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Tipp City, Ohio 45371

New Tax Law and How It Will Affect Real Estate

Will the new tax laws be good or bad for the real estate market?

Now that the new tax code has been signed-off on , a lot of people are asking how the Mortgage Interest Deduction is going to affect homeowners. Reactions range from “this is going to be a deathblow to the American Dream” to others saying this will have little impact on the majority of Americans.

Tax Changes

The new tax code allows taxpayers to deduct mortgage interest on loans up to only $750,000 combined for both primary and secondary (vacation) homes. The previous limit was $1 million. Existing homeowners will be allowed the previous deduction limit of $1,000,000 if the property was purchased prior to December 15, 2017.  Most homeowners will not be affected by the changes. The median home price in the United States is nowhere near $750,000. According to realtor.com data, the median list price nationally is $270,000. According to the Dayton Area Board of Realtors (DABR), of the 23,935 single-family homes that were sold in 2016 and 2017 in the Miami Valley (counties of Miami, Greene, Montgomery, Butler, and Hamilton), the average price was $158,109 and only 105 of the 23,935 listings were $700,000 and above.

The new tax code doubles the standard deduction to $12,000 for individuals and $24,000 for married couples filing jointly.  As a result of this change, most taxpayers will take the standard deduction. According to the most recent information (2015), only about 30% of taxpayers currently itemize deductions with only 21.5% claiming the Mortgage Interest Deduction.  The new tax cut is only expected to affect about 1.3% of new mortgages. Wealthiest homeowners and those living in the most expensive parts of the county will most likely be affected.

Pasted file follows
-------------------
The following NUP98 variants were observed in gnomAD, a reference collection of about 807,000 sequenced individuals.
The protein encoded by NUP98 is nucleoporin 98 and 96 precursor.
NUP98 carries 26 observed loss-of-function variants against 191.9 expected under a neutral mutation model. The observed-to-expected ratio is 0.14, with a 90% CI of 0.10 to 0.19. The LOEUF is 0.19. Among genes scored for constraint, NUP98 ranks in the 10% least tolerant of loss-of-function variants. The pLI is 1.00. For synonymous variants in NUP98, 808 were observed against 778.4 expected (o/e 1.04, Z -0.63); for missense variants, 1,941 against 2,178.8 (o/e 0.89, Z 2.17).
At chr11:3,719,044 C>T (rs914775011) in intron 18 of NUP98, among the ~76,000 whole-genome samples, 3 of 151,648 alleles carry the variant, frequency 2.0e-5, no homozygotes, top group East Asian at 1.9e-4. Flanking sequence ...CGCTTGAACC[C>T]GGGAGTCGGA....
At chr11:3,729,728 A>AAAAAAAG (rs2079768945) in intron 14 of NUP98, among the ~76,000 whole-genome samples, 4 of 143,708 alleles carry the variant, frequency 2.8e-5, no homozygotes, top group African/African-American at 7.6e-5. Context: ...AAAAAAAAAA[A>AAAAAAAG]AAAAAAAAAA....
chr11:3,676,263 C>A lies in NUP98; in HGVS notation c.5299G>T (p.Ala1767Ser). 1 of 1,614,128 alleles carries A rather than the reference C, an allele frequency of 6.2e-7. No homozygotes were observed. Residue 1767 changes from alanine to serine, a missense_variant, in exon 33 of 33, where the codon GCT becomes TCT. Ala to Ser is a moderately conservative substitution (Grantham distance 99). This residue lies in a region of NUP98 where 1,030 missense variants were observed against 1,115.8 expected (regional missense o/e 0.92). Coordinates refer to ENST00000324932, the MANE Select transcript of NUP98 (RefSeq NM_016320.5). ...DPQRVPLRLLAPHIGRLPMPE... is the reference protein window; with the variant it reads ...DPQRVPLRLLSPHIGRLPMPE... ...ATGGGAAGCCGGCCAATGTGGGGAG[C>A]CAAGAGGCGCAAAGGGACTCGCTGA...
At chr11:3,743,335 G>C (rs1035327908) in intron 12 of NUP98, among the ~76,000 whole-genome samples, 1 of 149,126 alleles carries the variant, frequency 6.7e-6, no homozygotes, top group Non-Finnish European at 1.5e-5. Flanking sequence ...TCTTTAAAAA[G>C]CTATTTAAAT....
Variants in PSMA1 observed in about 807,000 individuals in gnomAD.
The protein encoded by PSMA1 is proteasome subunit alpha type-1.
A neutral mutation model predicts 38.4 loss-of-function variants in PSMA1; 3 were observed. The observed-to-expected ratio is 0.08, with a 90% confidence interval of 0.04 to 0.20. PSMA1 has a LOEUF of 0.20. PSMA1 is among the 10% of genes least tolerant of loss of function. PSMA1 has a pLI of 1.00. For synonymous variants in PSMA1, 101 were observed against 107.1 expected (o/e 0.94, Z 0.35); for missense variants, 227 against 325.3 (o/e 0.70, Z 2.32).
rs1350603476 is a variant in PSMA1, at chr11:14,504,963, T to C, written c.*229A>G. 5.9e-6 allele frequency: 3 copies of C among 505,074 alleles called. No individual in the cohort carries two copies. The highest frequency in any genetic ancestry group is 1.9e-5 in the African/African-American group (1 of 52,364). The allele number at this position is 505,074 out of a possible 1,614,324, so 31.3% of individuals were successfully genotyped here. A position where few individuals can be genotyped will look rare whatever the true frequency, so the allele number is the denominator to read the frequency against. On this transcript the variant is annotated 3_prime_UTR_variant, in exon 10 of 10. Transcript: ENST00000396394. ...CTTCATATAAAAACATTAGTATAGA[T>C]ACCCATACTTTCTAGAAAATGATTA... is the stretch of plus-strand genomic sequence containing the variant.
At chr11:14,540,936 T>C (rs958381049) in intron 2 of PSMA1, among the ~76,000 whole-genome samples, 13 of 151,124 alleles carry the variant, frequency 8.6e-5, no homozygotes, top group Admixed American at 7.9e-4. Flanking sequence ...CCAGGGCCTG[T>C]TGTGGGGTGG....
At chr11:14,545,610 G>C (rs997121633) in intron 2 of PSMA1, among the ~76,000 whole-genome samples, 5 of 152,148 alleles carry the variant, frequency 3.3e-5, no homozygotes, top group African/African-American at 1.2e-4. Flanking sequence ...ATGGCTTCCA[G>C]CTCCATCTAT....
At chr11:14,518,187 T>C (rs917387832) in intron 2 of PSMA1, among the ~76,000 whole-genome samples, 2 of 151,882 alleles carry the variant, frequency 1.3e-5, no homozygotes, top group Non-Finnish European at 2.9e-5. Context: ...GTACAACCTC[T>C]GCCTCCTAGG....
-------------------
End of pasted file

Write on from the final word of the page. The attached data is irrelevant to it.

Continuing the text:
The combined deduction for property, state, and local taxes has now been capped at $10,000. Some experts seem to think that the combination of the decrease in the property value that is allowed to be deducted and the increase in the standard deduction will cause fewer people to itemize, thus taking away a financial benefit to home ownership.  Other experts feel that fewer homeowners taking the Mortgage Interest Deduction may be a GOOD thing. They feel that the deduction, as it was previously allowed, caused housing prices to go up while encouraging buyers to borrow more money for bigger houses.

Will I Be Affected?

Those who will be most affected by the changes to the deduction are the residents of cities and states where housing costs AND taxes are high.  Washington, DC, California, Hawaii, Massachusetts, and New York will be the most-affected . These are the states that have the highest percentages of mortgages worth $750,000 and up.  The combination of the $10,000 cap on the deduction for property and income/sales tax and the decrease in the amount of the property value that can be deducted will leave some homeowners paying more out-of-pocket at tax time.  It can also be argued that tourist/vacation destinations will also be impacted. A homeowner who has a mortgage on a vacation home will be impacted if their combined amount of mortgages (primary residence plus vacation home) is over $750,000.